Table of Contents
Aminoglycosides have played a major role in antimicrobial therapy since their discovery in the 1940s. The first aminoglycoside, the antibiotic streptomycin, was isolated from Streptomyces griseus. Today, streptomycin is widely used for the treatment of tuberculosis.
The aminoglycoside gentamicin binds to the bacterial cell surface via an ionic binding. Gentamicin uptake into the bacterial cell depends on an electrochemical gradient across the bacterial cytoplasmic membrane. This electrochemical gradient cannot be maintained in anaerobic conditions and at a low pH, which is why the efficacy of aminoglycosides against anaerobes in a low-oxygen environment is markedly curtailed.
The effect of these antibiotics is based on an irreversible binding to the 30S subunit of the ribosome complex and, thus on the inhibition of protein biosynthesis. Aminoglycosides attack rapidly multiplying organisms but also kill dormant bacteria.
The absorption of oral aminoglycosides is poor. Effective, clinically relevant concentrations are not achieved in respiratory secretions or cerebrospinal fluid (CSF). Aminoglycosides are eliminated via the kidney. Adjustment of aminoglycoside dosage is needed in patients with renal failure.
Aminoglycosides are contraindicated in pregnancy or deafness, as aminoglycosides accumulate in the endo- and perilymph of the inner ear. Aminoglycosides also exhibit a significant post-antibiotic effect, which means they persistently suppress bacterial growth even after the bacteria experience only a brief exposure to the antibiotic.
Aminoglycosides are effective against enterobacteria and pseudomonas. Many other bacteria such as enterococci, streptococci, and legionella are resistant to aminoglycosides.
The recommended antimicrobial treatment of infections such as endocarditis and osteomyelitis in burns is a combination of aminoglycosides with other antibiotics such as β-lactams or fluoroquinolones. Tobramycin is the drug of choice for the treatment of Pseudomonas aeruginosa infections. Amikacin, however, is a reserve aminoglycoside used in the treatment of immunosuppressed patients with severe infections.
Tobramycin inhalation solution is currently the only aerosol antibiotic approved for the long-term treatment of chronic infections caused by P. aeruginosa in patients with cystic fibrosis and chronic obstructive pulmonary disease.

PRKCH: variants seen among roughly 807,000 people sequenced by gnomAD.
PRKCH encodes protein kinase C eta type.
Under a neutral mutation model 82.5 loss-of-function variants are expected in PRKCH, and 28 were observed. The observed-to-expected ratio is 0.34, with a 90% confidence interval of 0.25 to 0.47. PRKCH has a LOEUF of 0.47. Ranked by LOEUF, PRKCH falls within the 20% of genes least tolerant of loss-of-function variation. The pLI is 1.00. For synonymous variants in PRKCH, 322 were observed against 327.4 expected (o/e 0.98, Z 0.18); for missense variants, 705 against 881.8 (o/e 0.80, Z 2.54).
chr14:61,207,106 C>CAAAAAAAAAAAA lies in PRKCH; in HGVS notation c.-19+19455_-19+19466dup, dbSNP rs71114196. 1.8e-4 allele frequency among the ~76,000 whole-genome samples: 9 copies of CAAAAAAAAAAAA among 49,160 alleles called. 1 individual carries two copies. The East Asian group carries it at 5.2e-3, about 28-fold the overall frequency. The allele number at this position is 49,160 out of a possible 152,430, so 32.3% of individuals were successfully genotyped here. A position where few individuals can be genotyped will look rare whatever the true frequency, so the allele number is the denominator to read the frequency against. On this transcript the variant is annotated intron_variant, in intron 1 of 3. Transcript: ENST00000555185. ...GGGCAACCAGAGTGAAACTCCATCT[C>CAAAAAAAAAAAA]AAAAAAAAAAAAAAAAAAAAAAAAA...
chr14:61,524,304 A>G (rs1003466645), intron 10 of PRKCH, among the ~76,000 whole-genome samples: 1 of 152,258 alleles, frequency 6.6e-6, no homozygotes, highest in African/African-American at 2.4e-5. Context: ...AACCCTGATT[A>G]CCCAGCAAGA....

Topically applied aminoglycosides, for example, neomycin and kanamycin, are used for treating skin and mucous membrane infections caused by staphylococci and enterobacteria. Gentamicin is also successfully used against bone and soft tissue infections in prosthetic surgery. It is locally applied in the form of gentamicin-loaded PMMA beads or gentamicin bone cement.
Macrolide antibiotics all contain a lactone ring. They have poor chemical stability in aqueous solution (acid-labile) and also have a very unpleasant, bitter taste, which is why they are usually present in the esterified or galenical form. Macrolides are administered as enteric-coated tablets as intravenous administration is poorly tolerated.
Macrolides target bacterial protein synthesis by inhibiting ribosomal translocation. Macrolides are bacteriostatic antibiotics and are effective against many strains of gram-positive bacteria such as streptococci and clostridia.
Because macrolides are able to penetrate host cells, they can also target intracellular pathogens, for example, Chlamydia, Bordetella pertussis, and Legionella. Only in CSF are insufficient concentrations of macrolides noted. Macrolide antibiotics and their active metabolites are excreted mainly in the bile.
Macrolide antibiotics may cause gastrointestinal side effects and intrahepatic cholestasis, which is why they are contraindicated in liver disease.
Erythromycin and roxithromycin
Erythromycin, a macrolide antibiotic, is the drug of choice for the treatment of Legionnaires’ pneumonia and pertussis (catarrhal phase). Erythromycin is effective in the treatment of acute infections of the respiratory tract, for example, acute pneumonia caused by pneumococci and other infections caused by Mycoplasma pneumoniae.
Moreover, erythromycin is most effective in the treatment of campylobacteriosis.
Roxithromycin is an antibiotic used in the treatment of respiratory tract infections including pneumonia, as well as skin and soft tissue infections. Its pharmacokinetic properties are better than those of erythromycin.
Clarithromycin and azithromycin
Azithromycin and clarithromycin are semisynthetic analogs of erythromycin and have better oral absorption and a lower side effect profile. Clarithromycin is used mainly in combination with other antibiotics for the treatment of Helicobacter pylori infections and for the prophylaxis of B. pertussis infections.